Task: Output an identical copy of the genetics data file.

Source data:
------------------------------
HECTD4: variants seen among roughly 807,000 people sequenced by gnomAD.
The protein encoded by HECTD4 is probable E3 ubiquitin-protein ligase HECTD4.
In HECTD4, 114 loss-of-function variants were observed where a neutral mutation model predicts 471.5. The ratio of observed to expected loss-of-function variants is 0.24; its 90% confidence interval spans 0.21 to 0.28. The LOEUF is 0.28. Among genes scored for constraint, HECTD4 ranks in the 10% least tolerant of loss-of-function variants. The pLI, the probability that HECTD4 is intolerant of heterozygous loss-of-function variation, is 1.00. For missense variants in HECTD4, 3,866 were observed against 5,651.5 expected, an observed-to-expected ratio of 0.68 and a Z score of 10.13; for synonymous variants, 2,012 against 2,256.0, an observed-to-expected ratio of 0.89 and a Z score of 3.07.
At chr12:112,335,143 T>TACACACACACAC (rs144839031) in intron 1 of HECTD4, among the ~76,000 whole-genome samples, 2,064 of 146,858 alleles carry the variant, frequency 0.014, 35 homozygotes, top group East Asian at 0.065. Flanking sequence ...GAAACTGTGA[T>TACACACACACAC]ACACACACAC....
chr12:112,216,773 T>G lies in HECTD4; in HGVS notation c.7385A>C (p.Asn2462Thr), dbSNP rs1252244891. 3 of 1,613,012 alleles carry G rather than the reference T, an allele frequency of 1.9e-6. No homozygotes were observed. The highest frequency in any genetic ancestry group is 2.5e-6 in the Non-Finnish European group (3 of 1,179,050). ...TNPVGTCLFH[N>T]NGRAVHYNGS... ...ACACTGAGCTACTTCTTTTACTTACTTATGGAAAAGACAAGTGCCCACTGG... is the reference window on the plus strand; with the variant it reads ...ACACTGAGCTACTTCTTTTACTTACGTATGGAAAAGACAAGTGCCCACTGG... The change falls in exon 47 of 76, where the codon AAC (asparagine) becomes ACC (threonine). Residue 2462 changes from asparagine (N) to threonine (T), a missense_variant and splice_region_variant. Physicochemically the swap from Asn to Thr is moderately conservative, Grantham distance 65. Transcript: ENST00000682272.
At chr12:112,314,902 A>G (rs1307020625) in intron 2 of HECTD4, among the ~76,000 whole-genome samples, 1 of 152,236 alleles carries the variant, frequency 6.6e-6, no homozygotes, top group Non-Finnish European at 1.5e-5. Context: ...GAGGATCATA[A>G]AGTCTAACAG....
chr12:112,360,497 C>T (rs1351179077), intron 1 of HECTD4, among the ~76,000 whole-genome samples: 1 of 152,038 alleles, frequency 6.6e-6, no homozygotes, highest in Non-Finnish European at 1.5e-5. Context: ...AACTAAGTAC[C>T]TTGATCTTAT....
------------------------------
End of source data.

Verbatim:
HECTD4: variants seen among roughly 807,000 people sequenced by gnomAD.
The protein encoded by HECTD4 is probable E3 ubiquitin-protein ligase HECTD4.
In HECTD4, 114 loss-of-function variants were observed where a neutral mutation model predicts 471.5. The ratio of observed to expected loss-of-function variants is 0.24; its 90% confidence interval spans 0.21 to 0.28. The LOEUF is 0.28. Among genes scored for constraint, HECTD4 ranks in the 10% least tolerant of loss-of-function variants. The pLI, the probability that HECTD4 is intolerant of heterozygous loss-of-function variation, is 1.00. For missense variants in HECTD4, 3,866 were observed against 5,651.5 expected, an observed-to-expected ratio of 0.68 and a Z score of 10.13; for synonymous variants, 2,012 against 2,256.0, an observed-to-expected ratio of 0.89 and a Z score of 3.07.
At chr12:112,335,143 T>TACACACACACAC (rs144839031) in intron 1 of HECTD4, among the ~76,000 whole-genome samples, 2,064 of 146,858 alleles carry the variant, frequency 0.014, 35 homozygotes, top group East Asian at 0.065. Flanking sequence ...GAAACTGTGA[T>TACACACACACAC]ACACACACAC....
chr12:112,216,773 T>G lies in HECTD4; in HGVS notation c.7385A>C (p.Asn2462Thr), dbSNP rs1252244891. 3 of 1,613,012 alleles carry G rather than the reference T, an allele frequency of 1.9e-6. No homozygotes were observed. The highest frequency in any genetic ancestry group is 2.5e-6 in the Non-Finnish European group (3 of 1,179,050). ...TNPVGTCLFH[N>T]NGRAVHYNGS... ...ACACTGAGCTACTTCTTTTACTTACTTATGGAAAAGACAAGTGCCCACTGG... is the reference window on the plus strand; with the variant it reads ...ACACTGAGCTACTTCTTTTACTTACGTATGGAAAAGACAAGTGCCCACTGG... The change falls in exon 47 of 76, where the codon AAC (asparagine) becomes ACC (threonine). Residue 2462 changes from asparagine (N) to threonine (T), a missense_variant and splice_region_variant. Physicochemically the swap from Asn to Thr is moderately conservative, Grantham distance 65. Transcript: ENST00000682272.
At chr12:112,314,902 A>G (rs1307020625) in intron 2 of HECTD4, among the ~76,000 whole-genome samples, 1 of 152,236 alleles carries the variant, frequency 6.6e-6, no homozygotes, top group Non-Finnish European at 1.5e-5. Context: ...GAGGATCATA[A>G]AGTCTAACAG....
chr12:112,360,497 C>T (rs1351179077), intron 1 of HECTD4, among the ~76,000 whole-genome samples: 1 of 152,038 alleles, frequency 6.6e-6, no homozygotes, highest in Non-Finnish European at 1.5e-5. Context: ...AACTAAGTAC[C>T]TTGATCTTAT....